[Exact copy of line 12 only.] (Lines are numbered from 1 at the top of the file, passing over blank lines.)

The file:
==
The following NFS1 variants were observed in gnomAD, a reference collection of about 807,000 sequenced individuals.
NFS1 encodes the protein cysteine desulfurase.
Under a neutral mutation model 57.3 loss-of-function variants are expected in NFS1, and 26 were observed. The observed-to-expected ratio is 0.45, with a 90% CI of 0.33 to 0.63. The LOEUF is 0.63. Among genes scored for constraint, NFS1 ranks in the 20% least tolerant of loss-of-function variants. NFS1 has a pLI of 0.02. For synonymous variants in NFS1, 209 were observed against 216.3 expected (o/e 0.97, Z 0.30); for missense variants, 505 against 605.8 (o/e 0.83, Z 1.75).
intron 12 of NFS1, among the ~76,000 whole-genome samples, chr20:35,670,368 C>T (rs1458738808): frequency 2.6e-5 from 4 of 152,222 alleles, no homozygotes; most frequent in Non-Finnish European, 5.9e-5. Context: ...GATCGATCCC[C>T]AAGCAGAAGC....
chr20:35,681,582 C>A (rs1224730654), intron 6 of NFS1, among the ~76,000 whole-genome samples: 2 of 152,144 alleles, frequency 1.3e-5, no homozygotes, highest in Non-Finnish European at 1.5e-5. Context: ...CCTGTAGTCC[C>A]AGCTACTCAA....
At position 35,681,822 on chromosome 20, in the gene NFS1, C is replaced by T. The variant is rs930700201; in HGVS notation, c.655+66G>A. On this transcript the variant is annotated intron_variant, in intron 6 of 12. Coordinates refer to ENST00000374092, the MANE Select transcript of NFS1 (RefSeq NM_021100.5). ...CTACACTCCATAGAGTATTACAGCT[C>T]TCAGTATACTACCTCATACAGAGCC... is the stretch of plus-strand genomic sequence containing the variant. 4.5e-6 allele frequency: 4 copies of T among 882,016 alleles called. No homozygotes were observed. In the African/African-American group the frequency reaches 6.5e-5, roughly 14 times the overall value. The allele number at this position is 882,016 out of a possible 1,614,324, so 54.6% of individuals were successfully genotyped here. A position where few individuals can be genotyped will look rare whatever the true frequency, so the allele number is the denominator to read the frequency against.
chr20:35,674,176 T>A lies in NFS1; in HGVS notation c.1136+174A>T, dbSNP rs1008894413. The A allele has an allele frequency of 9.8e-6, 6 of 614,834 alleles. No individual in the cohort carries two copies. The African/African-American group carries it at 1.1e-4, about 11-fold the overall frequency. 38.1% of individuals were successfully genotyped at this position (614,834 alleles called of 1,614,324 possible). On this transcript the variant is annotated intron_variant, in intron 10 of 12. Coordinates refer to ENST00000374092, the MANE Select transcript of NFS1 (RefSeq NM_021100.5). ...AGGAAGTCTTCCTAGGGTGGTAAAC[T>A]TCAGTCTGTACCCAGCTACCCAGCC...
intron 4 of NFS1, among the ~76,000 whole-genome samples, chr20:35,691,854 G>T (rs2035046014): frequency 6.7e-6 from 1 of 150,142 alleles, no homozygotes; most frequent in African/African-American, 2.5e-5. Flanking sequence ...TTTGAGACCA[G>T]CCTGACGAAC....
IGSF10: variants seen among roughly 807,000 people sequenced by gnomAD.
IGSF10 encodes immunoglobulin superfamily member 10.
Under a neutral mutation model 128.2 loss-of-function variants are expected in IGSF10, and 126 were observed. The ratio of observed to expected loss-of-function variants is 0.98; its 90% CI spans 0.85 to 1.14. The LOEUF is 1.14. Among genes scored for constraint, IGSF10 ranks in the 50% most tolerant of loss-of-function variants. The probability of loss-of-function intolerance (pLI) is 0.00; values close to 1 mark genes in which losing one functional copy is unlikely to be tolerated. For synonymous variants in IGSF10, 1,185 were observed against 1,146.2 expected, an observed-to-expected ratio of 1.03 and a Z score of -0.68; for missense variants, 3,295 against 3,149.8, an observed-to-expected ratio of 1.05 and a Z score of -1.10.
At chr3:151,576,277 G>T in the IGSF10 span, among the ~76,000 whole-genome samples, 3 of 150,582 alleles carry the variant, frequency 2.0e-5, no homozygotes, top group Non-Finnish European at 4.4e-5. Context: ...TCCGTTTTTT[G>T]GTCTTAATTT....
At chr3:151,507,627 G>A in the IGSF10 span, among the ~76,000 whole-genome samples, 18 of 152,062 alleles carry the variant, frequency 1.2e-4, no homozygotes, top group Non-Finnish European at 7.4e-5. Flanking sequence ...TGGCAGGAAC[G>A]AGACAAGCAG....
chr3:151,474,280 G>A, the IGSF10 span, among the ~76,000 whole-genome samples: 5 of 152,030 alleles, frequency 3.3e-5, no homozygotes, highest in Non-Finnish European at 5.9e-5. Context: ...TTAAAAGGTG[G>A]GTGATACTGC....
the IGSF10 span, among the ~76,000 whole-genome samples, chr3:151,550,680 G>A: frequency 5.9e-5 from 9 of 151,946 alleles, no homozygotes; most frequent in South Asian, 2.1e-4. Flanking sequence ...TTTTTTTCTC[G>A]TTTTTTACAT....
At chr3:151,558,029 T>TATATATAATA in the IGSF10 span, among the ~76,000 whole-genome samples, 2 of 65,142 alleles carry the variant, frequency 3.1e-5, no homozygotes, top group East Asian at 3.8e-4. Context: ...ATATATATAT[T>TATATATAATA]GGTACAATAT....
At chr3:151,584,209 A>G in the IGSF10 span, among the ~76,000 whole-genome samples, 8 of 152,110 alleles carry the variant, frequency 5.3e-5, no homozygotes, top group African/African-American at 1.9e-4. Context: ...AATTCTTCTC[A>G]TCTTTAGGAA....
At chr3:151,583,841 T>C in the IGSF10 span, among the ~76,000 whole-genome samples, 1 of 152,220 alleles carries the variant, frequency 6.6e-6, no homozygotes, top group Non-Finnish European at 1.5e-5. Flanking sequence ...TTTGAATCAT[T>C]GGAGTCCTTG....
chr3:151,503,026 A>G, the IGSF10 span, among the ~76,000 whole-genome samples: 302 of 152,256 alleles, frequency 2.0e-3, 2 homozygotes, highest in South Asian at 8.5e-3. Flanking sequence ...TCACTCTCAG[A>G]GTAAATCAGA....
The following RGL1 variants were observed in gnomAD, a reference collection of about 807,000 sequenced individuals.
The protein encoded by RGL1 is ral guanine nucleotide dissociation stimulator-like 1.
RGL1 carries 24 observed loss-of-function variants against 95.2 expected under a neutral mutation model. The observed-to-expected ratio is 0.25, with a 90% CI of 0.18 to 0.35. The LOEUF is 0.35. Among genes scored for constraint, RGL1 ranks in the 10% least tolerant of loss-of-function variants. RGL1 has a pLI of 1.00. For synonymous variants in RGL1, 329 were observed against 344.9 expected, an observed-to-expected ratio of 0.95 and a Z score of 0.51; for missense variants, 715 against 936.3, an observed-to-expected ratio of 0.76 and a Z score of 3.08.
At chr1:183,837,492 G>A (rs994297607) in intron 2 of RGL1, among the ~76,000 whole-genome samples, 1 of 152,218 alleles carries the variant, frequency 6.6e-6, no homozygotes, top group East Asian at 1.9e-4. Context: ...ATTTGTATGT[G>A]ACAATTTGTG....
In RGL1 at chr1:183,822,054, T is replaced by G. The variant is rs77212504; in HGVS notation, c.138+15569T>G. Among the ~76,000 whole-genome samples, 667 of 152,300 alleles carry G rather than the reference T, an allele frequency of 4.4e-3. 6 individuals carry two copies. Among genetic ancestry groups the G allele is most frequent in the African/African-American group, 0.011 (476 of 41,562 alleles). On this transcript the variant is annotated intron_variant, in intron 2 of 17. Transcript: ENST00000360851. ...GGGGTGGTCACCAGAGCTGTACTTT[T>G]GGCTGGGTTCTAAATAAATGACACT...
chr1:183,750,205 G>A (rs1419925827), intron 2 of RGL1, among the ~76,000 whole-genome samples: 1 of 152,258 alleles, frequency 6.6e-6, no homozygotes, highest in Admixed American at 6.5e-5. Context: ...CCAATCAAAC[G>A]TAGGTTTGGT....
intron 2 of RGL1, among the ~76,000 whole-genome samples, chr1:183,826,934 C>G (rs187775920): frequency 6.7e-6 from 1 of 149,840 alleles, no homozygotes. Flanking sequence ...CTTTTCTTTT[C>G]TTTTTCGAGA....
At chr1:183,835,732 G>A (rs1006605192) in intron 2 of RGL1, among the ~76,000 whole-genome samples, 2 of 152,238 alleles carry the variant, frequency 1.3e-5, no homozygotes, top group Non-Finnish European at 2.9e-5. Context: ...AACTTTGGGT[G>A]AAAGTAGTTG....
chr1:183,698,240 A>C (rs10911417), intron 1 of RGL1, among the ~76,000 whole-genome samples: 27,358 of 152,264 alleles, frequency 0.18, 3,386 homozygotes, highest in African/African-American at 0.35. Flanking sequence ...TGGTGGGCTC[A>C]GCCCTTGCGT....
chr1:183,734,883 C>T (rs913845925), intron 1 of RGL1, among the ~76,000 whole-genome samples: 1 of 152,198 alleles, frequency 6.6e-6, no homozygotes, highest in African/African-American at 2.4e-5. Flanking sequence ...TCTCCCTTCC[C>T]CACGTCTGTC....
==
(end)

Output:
At chr3:151,576,277 G>T in the IGSF10 span, among the ~76,000 whole-genome samples, 3 of 150,582 alleles carry the variant, frequency 2.0e-5, no homozygotes, top group Non-Finnish European at 4.4e-5. Context: ...TCCGTTTTTT[G>T]GTCTTAATTT....